6 Wonderful Ways to Use This Year’s Cherry Crop

by Linsey Knerl on 9 June 2010 5 comments

It’s that time again! Cherries are becoming ripe on the tree, and whether you prefer sweet or sour, they can bolster your pantry with several tasty treats for months to come. As this was our first year living a new home with 2 amazingly fruitful trees, we’ve had a great time picking and planning for how we will use them. Check out the ways we will make this year’s modest cherry harvest last!

Assuming that the birds haven’t eaten all of your harvest (you’ll know your cherries are ripe when the birds start to steal them), you can research your particular type of tree to determine when they are ready for pickin’ and eating! Pesky birds getting too many of them? We have had great success with hanging scratched DVD’s and CD’s from the branches. The reflective light is distracting for the birds, and they’ve pretty much left our crop alone.

Picking can be time consuming, but if you’re up for taking the cherries off the branches by the stems (instead of taking just the fruit), you can usually get 3-6 cherries at a time. I enlist the help of all my kids to do this. The older ones can get high up on ladders, while the younger ones use a makeshift scaffolding that’s wide enough to walk on safely and is lower to the ground. There will always be those beautiful cherries that live at the top and we won’t be able to reach. We’ll consider this our gift to the wild birds that live in the area!

Now that we’ve harvested, how will we enjoy them? With only a week or so before they need to be used up (less time if the cherries have gotten too ripe), we will sort, soak, and pit them. There are all kinds of ways to remove the cherry pits, or stones, including commercial pitters (here is the one we use). There are also some nifty YouTube videos that instruct you on doing so with everything from bobby pins to paper clips!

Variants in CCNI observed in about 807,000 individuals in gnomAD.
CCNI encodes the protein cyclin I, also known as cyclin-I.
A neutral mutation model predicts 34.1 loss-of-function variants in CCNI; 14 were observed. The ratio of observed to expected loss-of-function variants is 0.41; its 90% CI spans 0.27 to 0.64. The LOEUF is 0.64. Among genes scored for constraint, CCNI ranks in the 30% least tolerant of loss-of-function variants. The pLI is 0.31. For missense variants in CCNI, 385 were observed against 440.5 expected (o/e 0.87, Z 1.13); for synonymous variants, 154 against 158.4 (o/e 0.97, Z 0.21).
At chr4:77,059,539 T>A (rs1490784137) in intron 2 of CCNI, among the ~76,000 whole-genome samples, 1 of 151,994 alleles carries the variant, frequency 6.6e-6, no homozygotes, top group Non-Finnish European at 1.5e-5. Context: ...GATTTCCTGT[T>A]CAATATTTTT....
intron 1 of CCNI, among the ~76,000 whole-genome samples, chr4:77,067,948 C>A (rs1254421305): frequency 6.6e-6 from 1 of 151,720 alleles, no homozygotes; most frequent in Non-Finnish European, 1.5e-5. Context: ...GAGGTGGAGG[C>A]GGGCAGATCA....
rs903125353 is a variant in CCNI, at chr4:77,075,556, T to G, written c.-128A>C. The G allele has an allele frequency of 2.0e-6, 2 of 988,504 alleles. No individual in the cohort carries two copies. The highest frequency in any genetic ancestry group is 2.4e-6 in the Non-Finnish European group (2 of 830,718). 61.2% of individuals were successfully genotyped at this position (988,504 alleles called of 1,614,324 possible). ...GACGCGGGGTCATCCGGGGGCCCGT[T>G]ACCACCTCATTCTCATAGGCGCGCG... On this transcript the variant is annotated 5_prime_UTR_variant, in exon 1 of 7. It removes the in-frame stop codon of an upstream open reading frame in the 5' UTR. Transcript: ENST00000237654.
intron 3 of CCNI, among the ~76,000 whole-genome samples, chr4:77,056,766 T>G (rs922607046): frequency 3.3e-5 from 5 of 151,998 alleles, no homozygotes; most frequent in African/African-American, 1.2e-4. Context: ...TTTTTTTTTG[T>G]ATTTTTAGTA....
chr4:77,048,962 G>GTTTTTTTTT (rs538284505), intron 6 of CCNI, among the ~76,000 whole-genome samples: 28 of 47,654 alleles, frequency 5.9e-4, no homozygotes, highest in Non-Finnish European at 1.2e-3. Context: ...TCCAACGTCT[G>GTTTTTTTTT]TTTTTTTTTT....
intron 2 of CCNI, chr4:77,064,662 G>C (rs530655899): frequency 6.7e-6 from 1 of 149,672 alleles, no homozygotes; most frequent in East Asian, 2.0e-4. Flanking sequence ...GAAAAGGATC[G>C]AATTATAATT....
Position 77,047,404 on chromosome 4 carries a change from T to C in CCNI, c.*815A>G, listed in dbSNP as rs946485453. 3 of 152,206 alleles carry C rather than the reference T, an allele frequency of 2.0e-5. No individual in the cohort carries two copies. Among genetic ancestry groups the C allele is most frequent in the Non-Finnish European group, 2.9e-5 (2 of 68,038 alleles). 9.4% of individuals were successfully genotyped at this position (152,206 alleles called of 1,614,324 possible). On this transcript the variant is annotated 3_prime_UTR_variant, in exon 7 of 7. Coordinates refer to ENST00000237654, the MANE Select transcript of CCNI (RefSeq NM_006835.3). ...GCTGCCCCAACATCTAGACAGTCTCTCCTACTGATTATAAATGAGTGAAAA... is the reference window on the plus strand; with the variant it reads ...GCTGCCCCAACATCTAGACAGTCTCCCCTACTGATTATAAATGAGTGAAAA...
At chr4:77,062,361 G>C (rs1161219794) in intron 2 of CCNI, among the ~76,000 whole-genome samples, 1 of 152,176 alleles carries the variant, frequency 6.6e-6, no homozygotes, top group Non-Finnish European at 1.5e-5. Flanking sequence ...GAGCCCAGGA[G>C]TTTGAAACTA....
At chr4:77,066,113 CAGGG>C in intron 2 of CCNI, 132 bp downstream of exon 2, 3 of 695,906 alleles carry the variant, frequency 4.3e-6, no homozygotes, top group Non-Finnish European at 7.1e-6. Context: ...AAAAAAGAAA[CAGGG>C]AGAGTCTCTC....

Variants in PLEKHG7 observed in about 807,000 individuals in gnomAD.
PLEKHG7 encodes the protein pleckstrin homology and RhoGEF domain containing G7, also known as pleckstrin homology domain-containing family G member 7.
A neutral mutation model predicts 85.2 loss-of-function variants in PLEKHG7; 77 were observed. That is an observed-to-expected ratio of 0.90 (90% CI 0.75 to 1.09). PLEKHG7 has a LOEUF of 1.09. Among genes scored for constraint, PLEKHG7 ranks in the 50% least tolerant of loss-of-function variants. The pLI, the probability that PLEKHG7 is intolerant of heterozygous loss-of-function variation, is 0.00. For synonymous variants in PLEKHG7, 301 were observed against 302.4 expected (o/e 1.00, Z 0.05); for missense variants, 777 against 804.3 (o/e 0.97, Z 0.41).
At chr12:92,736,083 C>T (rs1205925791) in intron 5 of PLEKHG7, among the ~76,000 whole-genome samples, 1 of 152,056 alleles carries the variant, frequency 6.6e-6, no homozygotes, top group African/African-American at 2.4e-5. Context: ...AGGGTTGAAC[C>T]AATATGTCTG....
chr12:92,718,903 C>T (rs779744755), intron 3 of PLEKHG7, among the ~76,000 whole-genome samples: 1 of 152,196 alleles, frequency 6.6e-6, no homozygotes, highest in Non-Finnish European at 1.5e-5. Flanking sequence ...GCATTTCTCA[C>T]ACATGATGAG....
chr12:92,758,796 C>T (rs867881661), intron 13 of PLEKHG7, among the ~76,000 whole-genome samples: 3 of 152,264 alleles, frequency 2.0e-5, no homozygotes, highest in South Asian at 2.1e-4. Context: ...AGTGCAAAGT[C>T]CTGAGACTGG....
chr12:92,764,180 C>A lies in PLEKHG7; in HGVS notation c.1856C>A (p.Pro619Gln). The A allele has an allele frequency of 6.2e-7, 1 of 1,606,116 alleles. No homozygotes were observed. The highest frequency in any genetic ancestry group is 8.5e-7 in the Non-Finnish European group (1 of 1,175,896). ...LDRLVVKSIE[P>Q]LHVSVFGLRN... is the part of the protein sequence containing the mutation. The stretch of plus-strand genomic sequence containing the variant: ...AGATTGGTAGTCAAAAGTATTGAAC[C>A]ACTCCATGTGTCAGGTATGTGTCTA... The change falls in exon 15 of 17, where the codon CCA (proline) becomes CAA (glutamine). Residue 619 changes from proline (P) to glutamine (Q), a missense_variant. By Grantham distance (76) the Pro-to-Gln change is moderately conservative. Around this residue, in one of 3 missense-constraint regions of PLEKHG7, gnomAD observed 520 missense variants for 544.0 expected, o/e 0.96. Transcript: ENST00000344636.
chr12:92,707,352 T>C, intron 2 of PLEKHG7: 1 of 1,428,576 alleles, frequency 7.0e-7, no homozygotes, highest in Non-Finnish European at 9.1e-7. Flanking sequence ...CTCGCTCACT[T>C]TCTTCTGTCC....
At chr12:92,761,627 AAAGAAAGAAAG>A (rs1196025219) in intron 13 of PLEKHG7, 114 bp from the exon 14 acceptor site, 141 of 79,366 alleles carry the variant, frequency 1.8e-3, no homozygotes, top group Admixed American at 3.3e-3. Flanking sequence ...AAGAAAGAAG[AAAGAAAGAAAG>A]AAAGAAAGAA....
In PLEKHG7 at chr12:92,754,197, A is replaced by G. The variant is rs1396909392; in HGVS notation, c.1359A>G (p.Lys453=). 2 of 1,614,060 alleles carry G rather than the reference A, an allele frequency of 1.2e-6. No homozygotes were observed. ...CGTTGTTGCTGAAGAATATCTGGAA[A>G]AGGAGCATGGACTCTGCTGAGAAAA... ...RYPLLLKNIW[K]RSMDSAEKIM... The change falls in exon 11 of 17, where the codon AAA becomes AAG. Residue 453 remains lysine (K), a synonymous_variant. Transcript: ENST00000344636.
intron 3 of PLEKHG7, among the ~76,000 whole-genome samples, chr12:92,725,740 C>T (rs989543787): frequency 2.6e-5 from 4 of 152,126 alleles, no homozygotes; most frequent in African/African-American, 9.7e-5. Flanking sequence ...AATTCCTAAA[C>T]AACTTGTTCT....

In addition to the more traditional pie fillings and jams, here are the 6 unique ways we plan on using our cherries.

1. Dried

You can do this with either a food dehydrator (allow 12 hours or so) or in your oven. Pit them and cut them in half before putting them on a cookie sheet lined with waxed paper at 140 degrees for 6-10 hours. Do not dry them too much! They should look and feel like raisins when you’re done. (These will be wonderful in any dish that raisins can be used: cookies, breads, puddings, etc.)

2. Salad Fixings

Both sweet and sour cherries are perfect for a fresh green salad OR as a fruity extra for chicken salads. Pit and halve for a colorful complement.

3. Cherry Vinegar

Can’t you imagine how flavorful this will taste? According to Weight Watcher’s online cherry guide, you can “add 1 cup of dried cherries to 2 cups of white wine vinegar in a glass container with a lid. Let steep for two days, bring just to boil and drain. Store vinegar in a sealed container. It's great for homemade vinaigrettes. Just combine 1 1/2 teaspoons cherry vinegar, 2 teaspoons olive oil, 1/2 teaspoon coriander and 1/4 teaspoon each of salt and pepper.” Yum!

4. Cherry Liquor or “Liqueur”

Not that I’m looking to party hard any time soon, but a special cherry liquor is something priceless to have on hand for fancy desserts and the like. The directions for this version are especially simple, require no cooking, and will (hopefully) result in a beautiful tart liqueur!

5. Cherry Juice

In addition to being sold as a miracle cure for just about everything (including gout), it just tastes great! You can make your own with ripe cherries following a few simple steps. (Feel free to leave out the sugar, if you’re concerned.)

6. Breads and Muffins

Skip the blueberries and bring on the cherries! I’m so excited to be able to make all kinds of cherry nut breads and muffins. I’ve even arranged a swap of some cherries for Mom’s rhubarb, so I can mix the two for some fantastic snacking! (Plus, these types of breads freeze really well.)

Are you excited to begin digging into your cherry harvest? Don’t throw away the pits (or stones) just yet. You can actually use them to create your own heating pads (or cherry stone bed warmers, as they used to call them). Here are some directions from Mother Earth news for creating your own heating pillows from the prepared pits!

How will you use this year’s cherry harvest? Missed cherry season? Check out all the ways you can use up mulberries!

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Andrea Karim's picture

Oh, sour. 100%. I LOVE me some sour cherries. Is that indicative of anything about my personality?

Linsey Knerl's picture

I hope not :) Sour cherries are my favorite, too!

Guest's picture
Guest

JAM! My partner and I made bourbon cherry jam. Lovely, lovely stuff. :)

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Guest

can you please send recepie to saddle4hire88@yahoo.com

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Guest

cherries are tasty